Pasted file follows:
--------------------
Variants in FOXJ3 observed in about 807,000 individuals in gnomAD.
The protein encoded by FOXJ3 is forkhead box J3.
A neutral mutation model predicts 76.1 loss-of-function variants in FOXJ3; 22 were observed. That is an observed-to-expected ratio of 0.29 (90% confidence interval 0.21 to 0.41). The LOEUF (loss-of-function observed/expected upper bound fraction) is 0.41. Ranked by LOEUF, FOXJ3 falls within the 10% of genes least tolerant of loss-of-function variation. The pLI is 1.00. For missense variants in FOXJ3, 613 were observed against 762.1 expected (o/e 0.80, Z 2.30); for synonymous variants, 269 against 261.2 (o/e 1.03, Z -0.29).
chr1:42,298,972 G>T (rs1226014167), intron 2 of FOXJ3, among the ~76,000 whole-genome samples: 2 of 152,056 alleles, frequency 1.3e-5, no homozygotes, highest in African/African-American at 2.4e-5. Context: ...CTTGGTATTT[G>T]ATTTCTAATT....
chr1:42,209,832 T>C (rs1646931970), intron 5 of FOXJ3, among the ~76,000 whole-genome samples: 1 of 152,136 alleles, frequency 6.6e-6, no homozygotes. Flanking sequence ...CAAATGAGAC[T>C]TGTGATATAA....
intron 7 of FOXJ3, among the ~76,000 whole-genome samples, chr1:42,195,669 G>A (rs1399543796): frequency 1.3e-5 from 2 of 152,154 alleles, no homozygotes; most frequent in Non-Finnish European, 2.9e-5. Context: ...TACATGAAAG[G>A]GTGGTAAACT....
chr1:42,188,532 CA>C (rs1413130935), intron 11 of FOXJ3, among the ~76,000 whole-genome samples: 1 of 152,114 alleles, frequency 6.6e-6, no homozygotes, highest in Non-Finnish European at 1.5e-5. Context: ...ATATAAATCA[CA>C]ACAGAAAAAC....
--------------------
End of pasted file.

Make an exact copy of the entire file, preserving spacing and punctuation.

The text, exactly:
Variants in FOXJ3 observed in about 807,000 individuals in gnomAD.
The protein encoded by FOXJ3 is forkhead box J3.
A neutral mutation model predicts 76.1 loss-of-function variants in FOXJ3; 22 were observed. That is an observed-to-expected ratio of 0.29 (90% confidence interval 0.21 to 0.41). The LOEUF (loss-of-function observed/expected upper bound fraction) is 0.41. Ranked by LOEUF, FOXJ3 falls within the 10% of genes least tolerant of loss-of-function variation. The pLI is 1.00. For missense variants in FOXJ3, 613 were observed against 762.1 expected (o/e 0.80, Z 2.30); for synonymous variants, 269 against 261.2 (o/e 1.03, Z -0.29).
chr1:42,298,972 G>T (rs1226014167), intron 2 of FOXJ3, among the ~76,000 whole-genome samples: 2 of 152,056 alleles, frequency 1.3e-5, no homozygotes, highest in African/African-American at 2.4e-5. Context: ...CTTGGTATTT[G>T]ATTTCTAATT....
chr1:42,209,832 T>C (rs1646931970), intron 5 of FOXJ3, among the ~76,000 whole-genome samples: 1 of 152,136 alleles, frequency 6.6e-6, no homozygotes. Flanking sequence ...CAAATGAGAC[T>C]TGTGATATAA....
intron 7 of FOXJ3, among the ~76,000 whole-genome samples, chr1:42,195,669 G>A (rs1399543796): frequency 1.3e-5 from 2 of 152,154 alleles, no homozygotes; most frequent in Non-Finnish European, 2.9e-5. Context: ...TACATGAAAG[G>A]GTGGTAAACT....
chr1:42,188,532 CA>C (rs1413130935), intron 11 of FOXJ3, among the ~76,000 whole-genome samples: 1 of 152,114 alleles, frequency 6.6e-6, no homozygotes, highest in Non-Finnish European at 1.5e-5. Context: ...ATATAAATCA[CA>C]ACAGAAAAAC....